• oh i pray for those animals, my heart aches to see so many homeless...I wish we could adopt another pet, but are not in a position right now to do so...
    just a note:
    my mommie delia went for an afternoon walk and fell stepping on a small rock, she fractured her right wrist and hurt her hip...poor mommie she had 3 Plein Air events to do...this is the third fall in two month! she said, maybe I am getting old! anyway she will have to help me type with her left fingers....sooo slow!

  • We've had 8 dogs through the years, half of them adopted from a shelter, couple from the beaches here in Dominican Republic. My friend who lives here too is helping all (or almost all) of the stray dogs running on local beaches. The biggest help - she is spaying / neutering them so they don't multiply as much. I've never met a person like her before

  • Again, in kinship indeed Dr Pia!

    I affirm your every word today, and while I'm not actually an exact product of your presented material today, my love for animals this very day is a result of having had a family pet as a child (ones bought from Boxer breeders). What better way to teach a child responsibility, such as monitoring food and water bowls, or brushing and grooming and walking Fido (or even Fluffie)...not forgetting the 'cleaning up' after them too (inside [vacuuming] AND out [keeping the yard 'picked up'] !) Children must learn that this goes along with owning pets, too - that it's not just about the fun times, but also commitment to and steadfastness in caring about the welfare of our furry (or other) family members!

    I forget this sometimes and discount it in my mind, but in addition to our beloved Boxers in my immediate household growing up, my grandmother had a small kennel of toy/teacup Poodles and Yorkies that were cared for impeccably, each in their own immaculately clean cage. Each one knew which cage was theirs, and when my brother and I would visit (which was often - she only lived a couple blocks away), our job was to let them out to go outside, and each would return back to their own little abode, as if their name were on it! Ahhh, what memories well up, as I write this today!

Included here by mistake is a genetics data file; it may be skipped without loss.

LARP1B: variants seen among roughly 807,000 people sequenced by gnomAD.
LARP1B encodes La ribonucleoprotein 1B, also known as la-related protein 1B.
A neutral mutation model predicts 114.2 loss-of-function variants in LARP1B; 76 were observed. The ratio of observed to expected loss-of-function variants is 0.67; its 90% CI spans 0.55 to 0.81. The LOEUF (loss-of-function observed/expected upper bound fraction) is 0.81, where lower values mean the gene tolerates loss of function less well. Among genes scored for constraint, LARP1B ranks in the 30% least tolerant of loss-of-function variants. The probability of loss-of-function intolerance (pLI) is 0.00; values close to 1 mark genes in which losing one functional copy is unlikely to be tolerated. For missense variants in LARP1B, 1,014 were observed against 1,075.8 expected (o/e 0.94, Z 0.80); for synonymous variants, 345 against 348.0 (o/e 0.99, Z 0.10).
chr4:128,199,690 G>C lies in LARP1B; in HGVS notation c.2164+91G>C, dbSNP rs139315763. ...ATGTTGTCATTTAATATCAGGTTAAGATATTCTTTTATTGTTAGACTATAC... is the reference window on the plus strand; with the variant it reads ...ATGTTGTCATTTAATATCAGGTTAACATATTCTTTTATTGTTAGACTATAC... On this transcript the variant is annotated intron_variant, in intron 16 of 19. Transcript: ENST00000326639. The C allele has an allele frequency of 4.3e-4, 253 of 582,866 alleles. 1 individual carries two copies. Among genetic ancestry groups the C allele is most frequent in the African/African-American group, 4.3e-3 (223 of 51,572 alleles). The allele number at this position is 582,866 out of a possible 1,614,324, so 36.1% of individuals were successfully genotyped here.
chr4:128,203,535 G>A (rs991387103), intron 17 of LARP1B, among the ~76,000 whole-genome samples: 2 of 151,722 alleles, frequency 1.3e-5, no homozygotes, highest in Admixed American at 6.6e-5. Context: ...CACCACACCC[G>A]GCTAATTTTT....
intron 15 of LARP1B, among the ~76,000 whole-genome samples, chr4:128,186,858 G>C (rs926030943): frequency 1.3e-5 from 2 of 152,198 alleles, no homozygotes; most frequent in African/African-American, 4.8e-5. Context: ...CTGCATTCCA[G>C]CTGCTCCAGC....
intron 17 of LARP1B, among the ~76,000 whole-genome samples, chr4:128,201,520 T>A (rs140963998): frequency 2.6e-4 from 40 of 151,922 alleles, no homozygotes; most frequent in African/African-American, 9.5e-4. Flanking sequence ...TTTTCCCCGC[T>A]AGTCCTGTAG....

EVERY child needs to experience this joy, if the family lifestyle and budget would allow!

    =^..^=

  • Well said Cindy! A big hi and hug for Mandy...

  • Hello Dr. Pia,

    Please allow me to introduce myself...I'm Fisher Jimmy, the proud adopted dog of Jackie, Veronica and Jackson. I can't tell you how much I enjoyed reading your column. I couldn't agree with you more that adopting a pet just doesn't increase the love and happiness a family shares, it teaches a family how to be better humans all around.

    My Mom has always adopted her pets. From the time she was a little girl, she would bring in animals she found wandering around and make them her own. Today she is no different.

    Mom rescued me when she saw me being beaten in the street. She stopped her car, yelled at my attackers, and then scooped me up. After I returned to health, she took me home where I have lived for the last two years with an adopted kitty, Princess Harry, and my baby brother and sister, Jackson and Veronica.

    When I got to my new family's home, I was scared. That soon ended when I found out how much everyone loved me. I was included in all family activities and my birthday has been determined to be on Halloween so I had a big party last year. My baby brother and sister are even throwing me another bash this year.

    I cannot urge the readers enough to adopt and/or foster as many pets as possible. This is truly one of life's most rewarding experiences and can benefit every member of the family regardless of how many legs he/she may walk on! Mom continues to foster pets, but I haven't found one yet that I'm willing to share my room with. Even so, the friends that pass through our house are always fun to play with until Mom finds them a great home too.

    So if you haven't already done so, please adopt or foster a pet today! You won't be sorry you did.

    XO,
    Fisher Jimmy

  • Hi Dr. Pia, You are a wonderful person to do all that you do to help ALL animals in what ever way you can. I wish to God everyday that more people cared as much as we do about these animals. Let's all hope that more and more people will learn to care and take care of all of these animals who just want some love and attention. Thanks for all you do and inspire others to do. Jan (Dudley Do Right's Mom)

Post a comment

Comments are moderated, and will not appear on this weblog until the author has approved them.